Sweden arms sales boom raises questions over its customer list
Critics claim nation is more inclined to arm regimes that are accused of human rights
Alongside a global reputation for peacemaking and generous foreign aid, Sweden has become a major world supplier of weapons, including to regimes criticised for human rights abuses.
Ranked third for arms exports per capita after Israel and Russia, Sweden's booming industry has stirred ethical concerns at home about some countries with which it is doing business.
Against this backdrop, Saab technicians are building an assembly line for the next generation of Gripen fighters equipped with state-of-the-art warfare systems and larger weapons bays.
The Gripen E, designed to stand up to Russia's best planes, boasted a networking system allowing planes to communicate and divide up tasks such as detecting, electronic jamming and firing, Saab operations chief Lars Ydreskog said at the production plant in Linkoeping.
"It was this tactical way of working that was noticed by Brazil and Switzerland," he said, referring to the recent selection of Saab's fighter jet over French and United States competition.
Saab and other Sweden-based firms including BAE Systems and Bofors have been hugely successful in the 2000s, last year alone selling weapons and defence material to 55 countries to the value of US$1.8 billion.
But critics claim that Sweden has become more inclined to arm regimes accused of human rights abuses, including Saudi Arabia, the United Arab Emirates and Pakistan, as demand from Western nations has declined since the cold war ended.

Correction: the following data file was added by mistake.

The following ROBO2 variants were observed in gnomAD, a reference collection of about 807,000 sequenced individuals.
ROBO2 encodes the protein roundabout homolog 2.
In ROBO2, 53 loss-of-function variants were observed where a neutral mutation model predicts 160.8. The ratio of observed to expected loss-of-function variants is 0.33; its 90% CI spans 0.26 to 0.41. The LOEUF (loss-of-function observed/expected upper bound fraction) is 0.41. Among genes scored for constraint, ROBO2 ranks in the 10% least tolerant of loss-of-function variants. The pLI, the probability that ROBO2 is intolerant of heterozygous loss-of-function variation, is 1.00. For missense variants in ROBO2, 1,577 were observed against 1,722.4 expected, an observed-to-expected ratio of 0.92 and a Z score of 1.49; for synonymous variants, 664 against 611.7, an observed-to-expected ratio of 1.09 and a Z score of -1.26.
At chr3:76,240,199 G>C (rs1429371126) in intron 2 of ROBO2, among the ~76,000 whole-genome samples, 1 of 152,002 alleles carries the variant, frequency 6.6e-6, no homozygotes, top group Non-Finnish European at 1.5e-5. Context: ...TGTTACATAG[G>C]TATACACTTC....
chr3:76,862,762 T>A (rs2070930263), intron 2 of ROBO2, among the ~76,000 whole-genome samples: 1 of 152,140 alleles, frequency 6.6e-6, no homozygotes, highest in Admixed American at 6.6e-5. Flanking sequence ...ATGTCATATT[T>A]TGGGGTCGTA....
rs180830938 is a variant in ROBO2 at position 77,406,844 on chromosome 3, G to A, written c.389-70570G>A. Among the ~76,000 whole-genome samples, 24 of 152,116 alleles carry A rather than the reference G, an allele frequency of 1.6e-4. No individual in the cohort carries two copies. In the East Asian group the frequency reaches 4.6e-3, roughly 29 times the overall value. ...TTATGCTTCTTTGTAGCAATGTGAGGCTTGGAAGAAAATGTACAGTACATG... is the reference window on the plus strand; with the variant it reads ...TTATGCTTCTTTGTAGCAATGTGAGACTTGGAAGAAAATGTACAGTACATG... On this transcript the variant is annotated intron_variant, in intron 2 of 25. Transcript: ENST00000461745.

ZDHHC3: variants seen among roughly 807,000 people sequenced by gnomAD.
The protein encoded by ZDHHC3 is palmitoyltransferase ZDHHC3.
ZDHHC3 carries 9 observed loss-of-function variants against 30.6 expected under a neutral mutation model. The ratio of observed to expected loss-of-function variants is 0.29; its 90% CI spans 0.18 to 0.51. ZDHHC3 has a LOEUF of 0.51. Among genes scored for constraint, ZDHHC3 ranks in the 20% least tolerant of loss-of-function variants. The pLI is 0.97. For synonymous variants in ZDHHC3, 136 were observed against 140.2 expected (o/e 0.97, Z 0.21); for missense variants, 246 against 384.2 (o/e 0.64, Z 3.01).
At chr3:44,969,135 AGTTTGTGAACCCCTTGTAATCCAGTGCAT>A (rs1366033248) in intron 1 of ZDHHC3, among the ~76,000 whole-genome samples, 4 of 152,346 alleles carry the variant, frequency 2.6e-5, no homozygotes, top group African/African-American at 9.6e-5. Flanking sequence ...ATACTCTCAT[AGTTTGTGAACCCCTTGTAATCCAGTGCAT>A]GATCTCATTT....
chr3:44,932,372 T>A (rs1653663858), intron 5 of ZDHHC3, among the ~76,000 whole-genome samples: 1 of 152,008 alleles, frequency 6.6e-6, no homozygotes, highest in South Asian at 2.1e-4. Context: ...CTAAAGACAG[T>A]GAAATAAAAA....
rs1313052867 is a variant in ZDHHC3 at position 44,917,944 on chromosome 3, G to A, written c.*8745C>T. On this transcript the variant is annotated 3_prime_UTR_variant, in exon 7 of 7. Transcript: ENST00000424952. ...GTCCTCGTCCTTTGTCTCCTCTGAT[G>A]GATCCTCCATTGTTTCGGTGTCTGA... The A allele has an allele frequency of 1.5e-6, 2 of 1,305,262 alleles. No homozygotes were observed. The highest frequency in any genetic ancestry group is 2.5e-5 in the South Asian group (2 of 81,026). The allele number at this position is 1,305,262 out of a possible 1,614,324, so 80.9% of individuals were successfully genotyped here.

"Swedes see themselves as very ethical and restrictive when it comes to giving human rights violators or dictators things that help them stay in power. But the reality is that has happened," said Siemon Wezeman, an arms expert at the Stockholm International Peace Research Institute.
"In the past decade or so they have been more open to it, because those are the markets," he added.
"In the past they wouldn't have done business with Saudi Arabia due to human rights concerns … it's obviously a place that rings all kinds of alarm bells ... but that has changed... They've sold them Eriye [radar tracking systems] and anti-tank missiles and marketed other weapons there."
Other sales have been clandestine.
In 2012, Swedish public radio revealed that the national defence research agency had provided Saudi Arabia with covert technical support for a missile factory, leading to the resignation of a defence minister and the launch of an inquiry into new ethical criteria for future weapons sales.
One of the most controversial Swedish exports, the Saab-made Carl Gustav rocket launcher that is used by United States and other armies around the world, has reportedly fallen into the hands of groups that Sweden would not trade with, including Myanmar's military and al-Shebab Islamists in Somalia.
Peace activist Martin Smedjeback said Sweden's original reason for developing a large weapons industry, the desire to be self-sufficient and independent, had vanished, along with the country's policy of neutrality as it developed closer ties to Nato.
"Politicians raise the issue of jobs and technology because there are all these other arguments that they cannot use, like 'it's macho and I like macho things'," Smedjeback said.
"And they also can't say that the weapons industry is powerful and they have influence over the decisions of politicians."
Also, at least 30,000 people are employed in the Swedish defence industry, many in towns where arms factories are the largest private-sector employer.